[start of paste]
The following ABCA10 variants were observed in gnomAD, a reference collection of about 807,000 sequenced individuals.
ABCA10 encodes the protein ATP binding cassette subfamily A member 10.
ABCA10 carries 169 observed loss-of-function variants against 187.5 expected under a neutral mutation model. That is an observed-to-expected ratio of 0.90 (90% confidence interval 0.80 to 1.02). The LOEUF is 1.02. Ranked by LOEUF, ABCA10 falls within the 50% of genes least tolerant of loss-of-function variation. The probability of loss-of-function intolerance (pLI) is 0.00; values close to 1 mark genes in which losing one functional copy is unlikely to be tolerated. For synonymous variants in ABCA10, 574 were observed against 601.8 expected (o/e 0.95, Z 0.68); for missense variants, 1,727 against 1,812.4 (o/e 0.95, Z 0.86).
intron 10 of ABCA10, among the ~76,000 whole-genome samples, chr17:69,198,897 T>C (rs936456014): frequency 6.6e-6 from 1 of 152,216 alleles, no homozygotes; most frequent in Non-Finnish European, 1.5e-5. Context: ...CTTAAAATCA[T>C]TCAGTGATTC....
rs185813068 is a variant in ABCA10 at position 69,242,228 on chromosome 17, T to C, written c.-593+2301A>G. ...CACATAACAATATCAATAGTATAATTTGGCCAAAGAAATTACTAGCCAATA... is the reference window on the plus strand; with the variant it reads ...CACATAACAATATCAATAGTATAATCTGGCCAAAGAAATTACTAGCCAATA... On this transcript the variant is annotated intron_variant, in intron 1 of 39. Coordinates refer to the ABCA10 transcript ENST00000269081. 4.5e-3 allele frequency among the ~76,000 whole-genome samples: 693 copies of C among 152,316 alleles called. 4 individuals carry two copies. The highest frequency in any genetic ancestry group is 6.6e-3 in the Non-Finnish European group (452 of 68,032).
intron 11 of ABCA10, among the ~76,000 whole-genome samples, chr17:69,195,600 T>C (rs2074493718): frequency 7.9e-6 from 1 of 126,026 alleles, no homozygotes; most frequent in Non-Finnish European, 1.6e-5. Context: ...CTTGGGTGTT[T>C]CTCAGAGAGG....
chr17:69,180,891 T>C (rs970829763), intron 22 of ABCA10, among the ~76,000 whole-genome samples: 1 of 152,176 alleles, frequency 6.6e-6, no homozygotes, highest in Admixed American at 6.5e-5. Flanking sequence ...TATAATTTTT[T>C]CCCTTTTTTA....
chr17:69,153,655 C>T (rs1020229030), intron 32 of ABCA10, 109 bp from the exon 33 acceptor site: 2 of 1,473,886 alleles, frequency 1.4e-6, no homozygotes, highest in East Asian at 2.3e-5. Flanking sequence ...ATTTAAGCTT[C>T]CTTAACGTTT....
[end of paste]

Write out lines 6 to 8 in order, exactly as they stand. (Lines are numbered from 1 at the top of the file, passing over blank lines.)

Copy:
intron 11 of ABCA10, among the ~76,000 whole-genome samples, chr17:69,195,600 T>C (rs2074493718): frequency 7.9e-6 from 1 of 126,026 alleles, no homozygotes; most frequent in Non-Finnish European, 1.6e-5. Context: ...CTTGGGTGTT[T>C]CTCAGAGAGG....
chr17:69,180,891 T>C (rs970829763), intron 22 of ABCA10, among the ~76,000 whole-genome samples: 1 of 152,176 alleles, frequency 6.6e-6, no homozygotes, highest in Admixed American at 6.5e-5. Flanking sequence ...TATAATTTTT[T>C]CCCTTTTTTA....
chr17:69,153,655 C>T (rs1020229030), intron 32 of ABCA10, 109 bp from the exon 33 acceptor site: 2 of 1,473,886 alleles, frequency 1.4e-6, no homozygotes, highest in East Asian at 2.3e-5. Flanking sequence ...ATTTAAGCTT[C>T]CTTAACGTTT....